The thing is for as long as I can remember I have been of the belief that I won’t get sunburnt in the car… I know that it’s probably not true and it makes sense for it to be completely plausible to get burnt as you drive, after all apparently all it takes is some bent glass and some sun to destroy bugs of all shapes and sizes, but part of me is still unsure.  So being the hypochondriac and skin cancer paranoid person I am, I decided it was time to get some answers… so I putting it to you…

Can you get sunburnt in the car?

Thanks,

The paranoid Curious George.

Festive Disaster?

It’s Christmas in Australia, and instead of getting hot like it is supposed to this weekend there have been a few lovely days and then some significant storms… Now normally this wouldn’t bother me that much, but this time I have concerns, perhaps petty and small, but still concerns…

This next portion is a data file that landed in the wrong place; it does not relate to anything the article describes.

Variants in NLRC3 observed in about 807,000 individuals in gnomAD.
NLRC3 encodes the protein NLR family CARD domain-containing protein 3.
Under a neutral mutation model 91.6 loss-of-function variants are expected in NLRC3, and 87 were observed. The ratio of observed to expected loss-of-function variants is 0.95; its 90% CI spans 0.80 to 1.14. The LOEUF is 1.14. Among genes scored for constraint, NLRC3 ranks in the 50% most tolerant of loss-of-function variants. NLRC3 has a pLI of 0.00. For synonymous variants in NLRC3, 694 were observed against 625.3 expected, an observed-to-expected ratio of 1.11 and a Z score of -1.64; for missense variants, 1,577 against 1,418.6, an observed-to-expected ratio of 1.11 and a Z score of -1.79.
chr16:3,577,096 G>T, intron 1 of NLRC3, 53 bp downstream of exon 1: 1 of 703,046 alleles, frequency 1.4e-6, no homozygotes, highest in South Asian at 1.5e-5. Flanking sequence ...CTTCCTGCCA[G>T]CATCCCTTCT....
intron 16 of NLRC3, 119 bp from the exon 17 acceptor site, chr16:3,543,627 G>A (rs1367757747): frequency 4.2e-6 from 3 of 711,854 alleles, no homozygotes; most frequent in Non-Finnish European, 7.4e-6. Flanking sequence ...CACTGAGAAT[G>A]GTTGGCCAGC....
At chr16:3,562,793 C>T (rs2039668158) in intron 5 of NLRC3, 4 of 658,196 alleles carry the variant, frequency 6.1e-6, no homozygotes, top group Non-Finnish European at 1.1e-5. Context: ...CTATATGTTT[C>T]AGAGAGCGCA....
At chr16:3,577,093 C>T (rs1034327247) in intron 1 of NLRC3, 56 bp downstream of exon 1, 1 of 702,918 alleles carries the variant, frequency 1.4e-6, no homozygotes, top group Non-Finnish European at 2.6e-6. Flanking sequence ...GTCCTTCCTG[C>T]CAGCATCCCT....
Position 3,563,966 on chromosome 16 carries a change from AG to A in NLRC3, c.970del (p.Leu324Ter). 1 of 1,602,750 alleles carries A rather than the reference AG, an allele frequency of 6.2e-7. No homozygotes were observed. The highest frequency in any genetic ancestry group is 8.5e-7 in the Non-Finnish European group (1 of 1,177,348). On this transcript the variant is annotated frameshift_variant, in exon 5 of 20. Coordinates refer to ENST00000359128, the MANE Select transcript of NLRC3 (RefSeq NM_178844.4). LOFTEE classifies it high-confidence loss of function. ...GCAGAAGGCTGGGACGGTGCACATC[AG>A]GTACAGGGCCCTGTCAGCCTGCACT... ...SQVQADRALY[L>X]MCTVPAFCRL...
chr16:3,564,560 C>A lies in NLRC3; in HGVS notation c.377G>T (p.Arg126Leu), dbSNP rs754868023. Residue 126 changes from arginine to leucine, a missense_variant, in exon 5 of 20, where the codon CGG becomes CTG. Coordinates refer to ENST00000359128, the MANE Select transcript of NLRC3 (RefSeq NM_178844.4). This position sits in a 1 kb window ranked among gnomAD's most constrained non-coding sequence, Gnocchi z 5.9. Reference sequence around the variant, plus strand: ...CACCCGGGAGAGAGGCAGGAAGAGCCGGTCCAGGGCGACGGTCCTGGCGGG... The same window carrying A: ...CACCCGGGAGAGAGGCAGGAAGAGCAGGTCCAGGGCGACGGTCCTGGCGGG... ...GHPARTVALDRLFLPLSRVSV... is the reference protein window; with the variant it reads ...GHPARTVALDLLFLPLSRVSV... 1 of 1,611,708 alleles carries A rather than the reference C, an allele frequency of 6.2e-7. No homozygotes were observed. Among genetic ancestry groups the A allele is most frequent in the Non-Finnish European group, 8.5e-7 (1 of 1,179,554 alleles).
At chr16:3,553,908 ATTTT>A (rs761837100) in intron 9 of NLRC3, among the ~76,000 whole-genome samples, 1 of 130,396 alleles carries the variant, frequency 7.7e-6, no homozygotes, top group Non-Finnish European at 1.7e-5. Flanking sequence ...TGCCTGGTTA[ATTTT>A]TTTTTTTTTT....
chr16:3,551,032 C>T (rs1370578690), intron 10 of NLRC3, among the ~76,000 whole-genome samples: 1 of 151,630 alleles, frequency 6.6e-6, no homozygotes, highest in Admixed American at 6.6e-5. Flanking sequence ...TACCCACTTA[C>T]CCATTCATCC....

Last week, I decided that Russ, my car would appreciate some assistance getting in to the Christmas spirit, so I added some antlers and a big red nose. And even though Dave thinks he looks still and wrong, I think he looks cute… and hey if there is Christmas music pumping on the inside it only seems right to have Christmas on the outside too.

When I first put the antlers and nose on it was a beautiful sunny afternoon, but now it is not… and the thing that has my curiosity going is this…

If I am in a big storm… am I more likely to be hit by lightening with these antlers?
And if so… what are the chances?